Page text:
The following first appeared in Public Square Magazine. 

I moved to New York City for grad school. I was 38 years old. Single. And pausing my career (and income) to expand my future opportunities.

I moved cities and left my own apartment to rent a 6-ft x 8-ft bedroom with roommates in a 5th-floor walk-up (meaning no elevator).

I was excited. I was nervous.

I had been an educator and an executive assistant and was walking into an Ivy League business program. I felt grateful and old and like an imposter.

Grad school taught me many things. But among them, I learned what a community is and the power that can come from connecting with that community.

As they often do, these lessons came from some key failures.

I had three communities I was instantly a part of when I moved to NYC: school, church, and city.

I had membership to them largely because I had paid the price for “admission.” For school, I had been accepted and was giving them a hefty chunk of change. For church, I had regularly given my Sundays and various weeknights to showing up. For the city, I was in the trenches with New Yorkers—enduring the weather together, enduring train lines, enduring smells, and enduring living in close quarters together.

In theory, I joined a fourth community: a dance workout gym. I was physically in that community. I had a card for the number of classes I could attend. However, I didn’t engage with people. I didn’t get to know people. I didn’t show up enough so that I could find “my people” or that they could even become “my people.”

David McMillan, a psychologist and professor at Peabody College, has tried to create a working definition for “community” that would help his community better connect. His words deeply resonate with me. Community is “a feeling that members have of belonging, a feeling that members matter to one another and to the group, and a shared faith that members’ needs will be met through their commitment to be together.” I never created this in my dance workout gym, and consequently, every time I walked by the gym, I felt guilt and shame versus the joy and energy I had hoped to have when I signed up.

As I have pondered my experience at the dance gym compared to my experiences in my other communities in New York, I’ve realized powerful communities aren’t passive experiences. Belonging to a community demands active participation from me and from one another, it doesn’t come merely by paying dues or living inside a boundary line.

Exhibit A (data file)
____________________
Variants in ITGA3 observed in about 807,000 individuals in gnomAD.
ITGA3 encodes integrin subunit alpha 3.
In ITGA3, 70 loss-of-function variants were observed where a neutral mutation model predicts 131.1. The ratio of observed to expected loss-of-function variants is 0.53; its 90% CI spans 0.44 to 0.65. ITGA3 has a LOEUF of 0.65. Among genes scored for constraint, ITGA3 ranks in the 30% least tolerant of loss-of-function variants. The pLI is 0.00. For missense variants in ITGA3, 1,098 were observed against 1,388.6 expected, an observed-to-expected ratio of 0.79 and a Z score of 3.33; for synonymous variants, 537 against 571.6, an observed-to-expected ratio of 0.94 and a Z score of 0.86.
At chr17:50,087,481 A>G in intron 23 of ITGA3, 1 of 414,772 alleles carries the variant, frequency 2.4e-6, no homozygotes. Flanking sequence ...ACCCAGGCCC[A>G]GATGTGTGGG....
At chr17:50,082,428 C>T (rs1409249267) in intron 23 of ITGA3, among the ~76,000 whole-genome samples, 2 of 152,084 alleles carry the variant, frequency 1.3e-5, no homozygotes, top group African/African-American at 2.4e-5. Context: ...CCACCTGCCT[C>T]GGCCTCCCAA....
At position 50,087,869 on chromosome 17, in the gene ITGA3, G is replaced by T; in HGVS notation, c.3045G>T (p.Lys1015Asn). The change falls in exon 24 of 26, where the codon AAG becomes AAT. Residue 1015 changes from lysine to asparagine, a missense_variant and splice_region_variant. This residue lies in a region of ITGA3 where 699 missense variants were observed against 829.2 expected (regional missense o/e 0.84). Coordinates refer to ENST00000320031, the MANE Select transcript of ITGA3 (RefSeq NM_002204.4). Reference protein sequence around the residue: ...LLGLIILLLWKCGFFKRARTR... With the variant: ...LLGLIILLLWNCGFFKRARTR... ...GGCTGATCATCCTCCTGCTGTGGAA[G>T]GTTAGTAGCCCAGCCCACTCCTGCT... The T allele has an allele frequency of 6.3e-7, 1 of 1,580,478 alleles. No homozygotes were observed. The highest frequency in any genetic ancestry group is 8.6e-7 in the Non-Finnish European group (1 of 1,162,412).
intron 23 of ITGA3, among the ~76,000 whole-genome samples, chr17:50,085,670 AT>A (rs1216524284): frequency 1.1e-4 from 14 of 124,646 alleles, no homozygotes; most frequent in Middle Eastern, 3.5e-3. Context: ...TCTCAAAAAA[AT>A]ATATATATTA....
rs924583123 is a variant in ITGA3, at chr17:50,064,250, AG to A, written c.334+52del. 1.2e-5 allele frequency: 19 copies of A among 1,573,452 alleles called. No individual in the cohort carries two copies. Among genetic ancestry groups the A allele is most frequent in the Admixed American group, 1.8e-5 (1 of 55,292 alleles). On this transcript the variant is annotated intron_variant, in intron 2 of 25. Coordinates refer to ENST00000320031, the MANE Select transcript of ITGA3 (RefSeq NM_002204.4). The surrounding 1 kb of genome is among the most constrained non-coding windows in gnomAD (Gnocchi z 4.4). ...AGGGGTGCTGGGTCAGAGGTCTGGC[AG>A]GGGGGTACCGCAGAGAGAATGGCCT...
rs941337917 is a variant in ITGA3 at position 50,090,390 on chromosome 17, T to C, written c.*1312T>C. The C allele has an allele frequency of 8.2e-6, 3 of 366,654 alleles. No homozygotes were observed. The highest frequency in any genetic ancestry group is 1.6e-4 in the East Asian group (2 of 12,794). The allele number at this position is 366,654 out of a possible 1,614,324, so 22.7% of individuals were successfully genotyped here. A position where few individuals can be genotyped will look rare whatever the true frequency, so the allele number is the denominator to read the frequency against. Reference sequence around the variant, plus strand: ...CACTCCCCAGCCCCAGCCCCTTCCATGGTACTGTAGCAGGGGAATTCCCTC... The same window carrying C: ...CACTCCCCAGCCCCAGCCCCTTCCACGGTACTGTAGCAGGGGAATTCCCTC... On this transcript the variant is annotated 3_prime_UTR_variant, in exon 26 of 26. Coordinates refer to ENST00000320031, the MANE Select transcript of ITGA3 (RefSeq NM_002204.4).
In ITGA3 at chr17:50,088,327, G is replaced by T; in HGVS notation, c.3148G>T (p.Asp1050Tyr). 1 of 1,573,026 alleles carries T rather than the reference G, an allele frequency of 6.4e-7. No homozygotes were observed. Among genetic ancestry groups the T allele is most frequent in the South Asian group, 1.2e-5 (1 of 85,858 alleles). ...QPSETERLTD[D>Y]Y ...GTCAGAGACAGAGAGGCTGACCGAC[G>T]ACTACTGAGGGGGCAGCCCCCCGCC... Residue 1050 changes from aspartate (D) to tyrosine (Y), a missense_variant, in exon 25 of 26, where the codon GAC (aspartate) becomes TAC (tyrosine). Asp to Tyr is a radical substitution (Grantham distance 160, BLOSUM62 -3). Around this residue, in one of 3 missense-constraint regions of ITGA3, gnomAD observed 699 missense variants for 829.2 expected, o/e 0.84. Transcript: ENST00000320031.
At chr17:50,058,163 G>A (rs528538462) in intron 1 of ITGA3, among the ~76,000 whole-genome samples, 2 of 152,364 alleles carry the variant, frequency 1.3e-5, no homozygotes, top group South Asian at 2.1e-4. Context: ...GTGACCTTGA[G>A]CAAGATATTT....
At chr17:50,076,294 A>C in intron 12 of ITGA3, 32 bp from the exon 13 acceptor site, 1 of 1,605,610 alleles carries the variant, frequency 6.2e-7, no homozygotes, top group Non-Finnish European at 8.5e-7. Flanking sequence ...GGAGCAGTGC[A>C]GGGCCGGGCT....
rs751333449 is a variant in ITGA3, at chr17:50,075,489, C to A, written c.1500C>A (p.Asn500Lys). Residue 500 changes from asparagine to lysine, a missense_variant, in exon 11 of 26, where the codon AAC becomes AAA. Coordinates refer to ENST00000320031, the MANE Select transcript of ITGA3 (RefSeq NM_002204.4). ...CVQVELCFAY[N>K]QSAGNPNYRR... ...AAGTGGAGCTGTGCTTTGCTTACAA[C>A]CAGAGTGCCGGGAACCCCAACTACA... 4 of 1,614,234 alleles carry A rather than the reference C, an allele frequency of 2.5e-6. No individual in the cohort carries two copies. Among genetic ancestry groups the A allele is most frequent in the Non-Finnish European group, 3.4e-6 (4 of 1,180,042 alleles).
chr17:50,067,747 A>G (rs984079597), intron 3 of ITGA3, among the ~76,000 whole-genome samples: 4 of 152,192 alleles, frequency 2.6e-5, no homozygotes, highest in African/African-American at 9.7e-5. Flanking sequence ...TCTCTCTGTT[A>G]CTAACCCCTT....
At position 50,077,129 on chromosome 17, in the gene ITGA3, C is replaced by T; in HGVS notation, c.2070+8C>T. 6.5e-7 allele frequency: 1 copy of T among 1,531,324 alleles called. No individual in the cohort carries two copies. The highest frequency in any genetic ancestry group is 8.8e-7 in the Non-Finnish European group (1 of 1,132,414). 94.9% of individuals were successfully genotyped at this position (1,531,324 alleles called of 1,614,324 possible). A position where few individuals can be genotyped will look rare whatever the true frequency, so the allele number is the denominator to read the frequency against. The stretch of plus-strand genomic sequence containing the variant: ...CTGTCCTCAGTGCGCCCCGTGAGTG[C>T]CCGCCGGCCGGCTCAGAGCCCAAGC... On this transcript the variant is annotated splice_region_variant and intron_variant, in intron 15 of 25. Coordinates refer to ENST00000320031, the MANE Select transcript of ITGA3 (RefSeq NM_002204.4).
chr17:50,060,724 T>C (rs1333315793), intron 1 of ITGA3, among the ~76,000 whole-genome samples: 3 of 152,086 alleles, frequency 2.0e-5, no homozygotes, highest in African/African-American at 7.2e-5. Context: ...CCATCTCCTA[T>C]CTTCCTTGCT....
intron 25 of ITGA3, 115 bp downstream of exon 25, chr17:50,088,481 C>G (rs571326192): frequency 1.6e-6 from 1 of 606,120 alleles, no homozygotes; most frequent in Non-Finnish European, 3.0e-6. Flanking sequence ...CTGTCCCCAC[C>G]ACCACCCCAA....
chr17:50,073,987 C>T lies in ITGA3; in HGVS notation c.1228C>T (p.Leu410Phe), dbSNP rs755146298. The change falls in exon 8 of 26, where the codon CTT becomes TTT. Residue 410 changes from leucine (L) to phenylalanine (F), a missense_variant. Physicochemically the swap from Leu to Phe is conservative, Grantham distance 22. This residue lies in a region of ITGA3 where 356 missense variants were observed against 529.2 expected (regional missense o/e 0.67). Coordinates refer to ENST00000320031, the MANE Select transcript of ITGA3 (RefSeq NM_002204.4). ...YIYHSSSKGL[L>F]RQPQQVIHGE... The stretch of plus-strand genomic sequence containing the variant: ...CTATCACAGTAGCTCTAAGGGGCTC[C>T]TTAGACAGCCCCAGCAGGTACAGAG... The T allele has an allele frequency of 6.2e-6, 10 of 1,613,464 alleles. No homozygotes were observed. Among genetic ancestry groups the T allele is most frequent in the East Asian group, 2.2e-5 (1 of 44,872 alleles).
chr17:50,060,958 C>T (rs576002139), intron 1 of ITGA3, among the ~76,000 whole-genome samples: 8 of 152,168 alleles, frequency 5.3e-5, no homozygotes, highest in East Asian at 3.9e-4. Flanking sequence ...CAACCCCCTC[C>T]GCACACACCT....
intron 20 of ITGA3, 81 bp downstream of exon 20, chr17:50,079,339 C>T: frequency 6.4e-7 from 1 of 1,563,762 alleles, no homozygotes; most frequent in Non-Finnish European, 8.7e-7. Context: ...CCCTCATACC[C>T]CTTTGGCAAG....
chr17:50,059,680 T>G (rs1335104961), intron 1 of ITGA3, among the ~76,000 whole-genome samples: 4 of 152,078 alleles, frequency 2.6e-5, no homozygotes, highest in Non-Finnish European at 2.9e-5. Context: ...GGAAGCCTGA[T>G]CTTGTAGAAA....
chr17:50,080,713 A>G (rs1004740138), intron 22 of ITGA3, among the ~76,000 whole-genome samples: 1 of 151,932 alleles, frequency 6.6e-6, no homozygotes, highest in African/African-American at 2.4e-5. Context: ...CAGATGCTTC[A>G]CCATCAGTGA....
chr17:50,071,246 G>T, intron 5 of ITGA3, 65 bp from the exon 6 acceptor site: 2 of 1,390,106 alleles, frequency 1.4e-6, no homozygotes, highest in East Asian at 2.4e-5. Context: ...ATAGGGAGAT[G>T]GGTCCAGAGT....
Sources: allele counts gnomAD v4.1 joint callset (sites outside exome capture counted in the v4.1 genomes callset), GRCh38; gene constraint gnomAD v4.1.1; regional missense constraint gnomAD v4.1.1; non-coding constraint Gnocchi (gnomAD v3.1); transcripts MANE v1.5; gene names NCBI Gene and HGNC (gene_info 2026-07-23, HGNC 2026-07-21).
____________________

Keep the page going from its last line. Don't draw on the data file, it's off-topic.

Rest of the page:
This participation means getting outside of oneself and getting to know the others there. It means investing in their lives—and allowing others to invest in ours. Powerful communities “support one another in aspects of daily life and to develop to their fullest potential.”

The work of helping one another develop to their fullest potential through daily, ordinary life creates joy. Investing in others creates meaning, purpose, and ultimately community—because our lives matter to and for each other.

Does a key part of community develop because that group of individuals—your tribe of sorts—has your back? This is a group of people who proactively choose to stand together and support one another.

Maybe you are like me . . . I recall growing up that I could be so frustrated and annoyed with my brother or a sister. I’d say the not-the-most-kind things to them or complain about them to my mom. But if I ever heard anyone talking bad about a sibling, I would defend them forever. I could be bugged internally and want some things to change, but to the world, I would defend for forever!

This level of fidelity to our communities is vital to powerful and healthy communities. Being willing and interested in creating something remarkable together, something bigger than self, working to improve within that community, and defending that community as it seeks to help one another develop to their fullest potential might be one of the sweetest opportunities we can find ourselves in.

And an opportunity that I missed out on in my NYC dance class.

I did open up, actively invest, and practice receiving from those I met at school and at church and even in the shared moments New Yorkers have when trains are delayed or the weather is unbearable. I sought to improve things within my sphere of influence in these communities—and would defend them each until doomsday. Relationships made in these communities have changed me in every good way possible.

I missed out on such an opportunity with the dance class, but doing so has changed how I understand community, how I invest in people around me, and how I commit to the communities in which I belong.